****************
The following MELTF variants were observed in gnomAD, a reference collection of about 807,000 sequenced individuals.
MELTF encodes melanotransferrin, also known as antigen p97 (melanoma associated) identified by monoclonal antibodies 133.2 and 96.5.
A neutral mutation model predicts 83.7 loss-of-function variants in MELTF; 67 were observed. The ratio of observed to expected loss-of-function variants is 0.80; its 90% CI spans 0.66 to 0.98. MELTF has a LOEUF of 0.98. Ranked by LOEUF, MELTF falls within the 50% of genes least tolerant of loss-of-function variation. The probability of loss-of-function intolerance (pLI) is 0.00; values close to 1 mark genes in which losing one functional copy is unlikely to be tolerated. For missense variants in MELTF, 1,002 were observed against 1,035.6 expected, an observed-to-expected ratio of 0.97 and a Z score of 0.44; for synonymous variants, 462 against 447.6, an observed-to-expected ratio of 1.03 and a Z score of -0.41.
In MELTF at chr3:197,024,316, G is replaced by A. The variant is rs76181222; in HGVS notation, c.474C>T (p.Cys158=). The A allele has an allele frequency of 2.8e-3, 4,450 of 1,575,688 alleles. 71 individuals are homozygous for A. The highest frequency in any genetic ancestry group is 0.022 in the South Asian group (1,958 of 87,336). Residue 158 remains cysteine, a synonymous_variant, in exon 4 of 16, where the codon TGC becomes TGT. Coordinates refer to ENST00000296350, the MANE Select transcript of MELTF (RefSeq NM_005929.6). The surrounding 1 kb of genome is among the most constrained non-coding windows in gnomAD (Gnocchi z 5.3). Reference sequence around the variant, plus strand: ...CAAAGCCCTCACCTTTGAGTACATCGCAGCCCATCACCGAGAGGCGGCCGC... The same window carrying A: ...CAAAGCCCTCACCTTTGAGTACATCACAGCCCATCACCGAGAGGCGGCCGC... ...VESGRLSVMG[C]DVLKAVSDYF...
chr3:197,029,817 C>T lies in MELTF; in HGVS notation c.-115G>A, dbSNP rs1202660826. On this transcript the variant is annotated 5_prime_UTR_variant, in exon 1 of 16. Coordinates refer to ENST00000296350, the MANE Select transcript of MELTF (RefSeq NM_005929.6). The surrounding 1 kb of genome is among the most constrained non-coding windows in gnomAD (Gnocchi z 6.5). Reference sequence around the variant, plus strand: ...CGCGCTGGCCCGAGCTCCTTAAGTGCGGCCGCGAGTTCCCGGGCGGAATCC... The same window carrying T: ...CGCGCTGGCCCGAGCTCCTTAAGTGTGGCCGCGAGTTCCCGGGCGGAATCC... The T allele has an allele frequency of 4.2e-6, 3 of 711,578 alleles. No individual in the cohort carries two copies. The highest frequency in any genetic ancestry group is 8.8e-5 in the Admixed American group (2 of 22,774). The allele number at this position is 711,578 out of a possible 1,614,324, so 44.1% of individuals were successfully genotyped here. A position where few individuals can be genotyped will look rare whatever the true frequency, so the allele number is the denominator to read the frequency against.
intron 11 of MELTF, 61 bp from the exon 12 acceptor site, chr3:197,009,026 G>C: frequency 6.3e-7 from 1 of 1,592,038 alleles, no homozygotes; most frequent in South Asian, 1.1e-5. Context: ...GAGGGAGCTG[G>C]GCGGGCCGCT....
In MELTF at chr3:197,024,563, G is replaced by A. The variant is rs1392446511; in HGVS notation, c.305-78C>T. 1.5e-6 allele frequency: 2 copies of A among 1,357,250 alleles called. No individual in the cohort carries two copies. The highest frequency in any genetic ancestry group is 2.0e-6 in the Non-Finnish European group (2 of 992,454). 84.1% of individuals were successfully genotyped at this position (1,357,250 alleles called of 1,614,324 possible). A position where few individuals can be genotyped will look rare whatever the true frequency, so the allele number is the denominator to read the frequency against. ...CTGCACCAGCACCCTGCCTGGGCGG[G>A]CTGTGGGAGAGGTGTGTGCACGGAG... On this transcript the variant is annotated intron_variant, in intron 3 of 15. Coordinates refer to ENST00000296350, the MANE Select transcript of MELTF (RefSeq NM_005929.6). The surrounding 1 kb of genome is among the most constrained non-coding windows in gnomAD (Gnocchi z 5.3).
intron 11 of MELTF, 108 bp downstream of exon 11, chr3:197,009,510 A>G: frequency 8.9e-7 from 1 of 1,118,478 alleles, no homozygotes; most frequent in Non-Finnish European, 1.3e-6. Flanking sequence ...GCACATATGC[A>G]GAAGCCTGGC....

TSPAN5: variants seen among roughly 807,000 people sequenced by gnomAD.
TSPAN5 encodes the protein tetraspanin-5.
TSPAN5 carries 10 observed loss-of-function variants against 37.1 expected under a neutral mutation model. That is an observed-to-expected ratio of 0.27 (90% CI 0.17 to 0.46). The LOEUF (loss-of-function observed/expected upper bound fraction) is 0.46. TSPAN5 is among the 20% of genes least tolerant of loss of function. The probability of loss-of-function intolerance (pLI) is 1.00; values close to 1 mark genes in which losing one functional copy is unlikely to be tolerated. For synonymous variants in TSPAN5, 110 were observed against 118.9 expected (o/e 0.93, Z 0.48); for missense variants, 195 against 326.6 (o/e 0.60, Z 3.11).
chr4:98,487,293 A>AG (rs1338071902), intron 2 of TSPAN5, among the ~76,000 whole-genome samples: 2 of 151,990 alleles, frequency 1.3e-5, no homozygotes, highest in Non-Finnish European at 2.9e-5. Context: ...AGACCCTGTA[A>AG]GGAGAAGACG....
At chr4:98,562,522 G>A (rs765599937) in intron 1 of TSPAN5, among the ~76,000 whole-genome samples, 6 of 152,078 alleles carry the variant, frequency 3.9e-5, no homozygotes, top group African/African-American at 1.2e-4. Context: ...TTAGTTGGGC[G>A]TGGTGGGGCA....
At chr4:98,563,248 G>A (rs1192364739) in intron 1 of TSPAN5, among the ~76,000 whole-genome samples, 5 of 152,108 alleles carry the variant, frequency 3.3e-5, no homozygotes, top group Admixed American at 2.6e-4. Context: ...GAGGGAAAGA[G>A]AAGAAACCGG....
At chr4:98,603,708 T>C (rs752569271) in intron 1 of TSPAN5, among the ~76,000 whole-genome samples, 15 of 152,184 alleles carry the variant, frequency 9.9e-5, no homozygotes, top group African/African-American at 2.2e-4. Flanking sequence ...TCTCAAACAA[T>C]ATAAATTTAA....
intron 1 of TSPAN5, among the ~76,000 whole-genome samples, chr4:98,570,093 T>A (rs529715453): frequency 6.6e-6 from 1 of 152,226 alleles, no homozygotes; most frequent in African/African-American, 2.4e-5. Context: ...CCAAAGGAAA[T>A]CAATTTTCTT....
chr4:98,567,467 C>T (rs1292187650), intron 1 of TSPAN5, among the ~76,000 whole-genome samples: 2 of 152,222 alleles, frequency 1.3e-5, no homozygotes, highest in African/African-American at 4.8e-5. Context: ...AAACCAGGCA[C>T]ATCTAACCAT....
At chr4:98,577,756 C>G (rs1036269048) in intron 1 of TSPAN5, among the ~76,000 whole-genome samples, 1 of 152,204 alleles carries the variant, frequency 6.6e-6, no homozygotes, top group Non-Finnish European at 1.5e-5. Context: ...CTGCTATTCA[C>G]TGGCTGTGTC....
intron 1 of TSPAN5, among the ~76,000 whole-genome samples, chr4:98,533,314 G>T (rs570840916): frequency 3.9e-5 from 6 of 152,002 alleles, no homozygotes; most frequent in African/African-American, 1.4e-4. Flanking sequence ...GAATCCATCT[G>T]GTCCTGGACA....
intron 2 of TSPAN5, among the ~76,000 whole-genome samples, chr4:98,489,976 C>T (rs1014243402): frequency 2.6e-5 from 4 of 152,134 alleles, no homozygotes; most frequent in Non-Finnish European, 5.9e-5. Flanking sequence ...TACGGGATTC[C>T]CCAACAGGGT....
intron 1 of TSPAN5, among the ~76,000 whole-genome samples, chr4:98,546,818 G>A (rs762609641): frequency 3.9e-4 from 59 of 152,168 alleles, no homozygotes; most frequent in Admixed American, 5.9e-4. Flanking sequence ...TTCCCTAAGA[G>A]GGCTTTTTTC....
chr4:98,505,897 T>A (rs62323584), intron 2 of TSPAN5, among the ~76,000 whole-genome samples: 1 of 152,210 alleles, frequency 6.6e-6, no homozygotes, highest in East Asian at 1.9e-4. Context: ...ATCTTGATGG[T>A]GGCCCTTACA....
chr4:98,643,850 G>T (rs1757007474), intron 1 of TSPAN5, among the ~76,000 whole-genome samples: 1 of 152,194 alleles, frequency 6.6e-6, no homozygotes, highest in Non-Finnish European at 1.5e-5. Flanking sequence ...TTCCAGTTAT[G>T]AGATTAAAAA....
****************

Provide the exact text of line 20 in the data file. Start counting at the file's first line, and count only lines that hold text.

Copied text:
intron 2 of TSPAN5, among the ~76,000 whole-genome samples, chr4:98,489,976 C>T (rs1014243402): frequency 2.6e-5 from 4 of 152,134 alleles, no homozygotes; most frequent in Non-Finnish European, 5.9e-5. Flanking sequence ...TACGGGATTC[C>T]CCAACAGGGT....